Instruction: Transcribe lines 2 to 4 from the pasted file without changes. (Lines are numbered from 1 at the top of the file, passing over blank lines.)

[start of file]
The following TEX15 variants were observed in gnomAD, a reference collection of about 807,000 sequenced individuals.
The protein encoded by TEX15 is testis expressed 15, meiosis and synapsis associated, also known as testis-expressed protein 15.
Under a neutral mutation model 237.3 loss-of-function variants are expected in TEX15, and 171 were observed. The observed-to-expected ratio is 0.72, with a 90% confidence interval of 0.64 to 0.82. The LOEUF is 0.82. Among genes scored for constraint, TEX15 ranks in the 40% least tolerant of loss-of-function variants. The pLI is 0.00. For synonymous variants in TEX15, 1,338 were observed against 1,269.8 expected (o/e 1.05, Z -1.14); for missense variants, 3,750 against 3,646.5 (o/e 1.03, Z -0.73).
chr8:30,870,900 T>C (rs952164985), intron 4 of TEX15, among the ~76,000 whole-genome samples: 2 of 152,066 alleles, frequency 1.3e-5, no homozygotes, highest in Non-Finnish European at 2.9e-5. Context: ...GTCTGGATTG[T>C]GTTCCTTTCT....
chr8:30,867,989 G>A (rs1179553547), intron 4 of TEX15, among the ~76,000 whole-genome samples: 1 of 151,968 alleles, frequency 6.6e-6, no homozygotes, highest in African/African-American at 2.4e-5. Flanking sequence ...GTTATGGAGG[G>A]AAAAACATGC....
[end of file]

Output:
The protein encoded by TEX15 is testis expressed 15, meiosis and synapsis associated, also known as testis-expressed protein 15.
Under a neutral mutation model 237.3 loss-of-function variants are expected in TEX15, and 171 were observed. The observed-to-expected ratio is 0.72, with a 90% confidence interval of 0.64 to 0.82. The LOEUF is 0.82. Among genes scored for constraint, TEX15 ranks in the 40% least tolerant of loss-of-function variants. The pLI is 0.00. For synonymous variants in TEX15, 1,338 were observed against 1,269.8 expected (o/e 1.05, Z -1.14); for missense variants, 3,750 against 3,646.5 (o/e 1.03, Z -0.73).
chr8:30,870,900 T>C (rs952164985), intron 4 of TEX15, among the ~76,000 whole-genome samples: 2 of 152,066 alleles, frequency 1.3e-5, no homozygotes, highest in Non-Finnish European at 2.9e-5. Context: ...GTCTGGATTG[T>C]GTTCCTTTCT....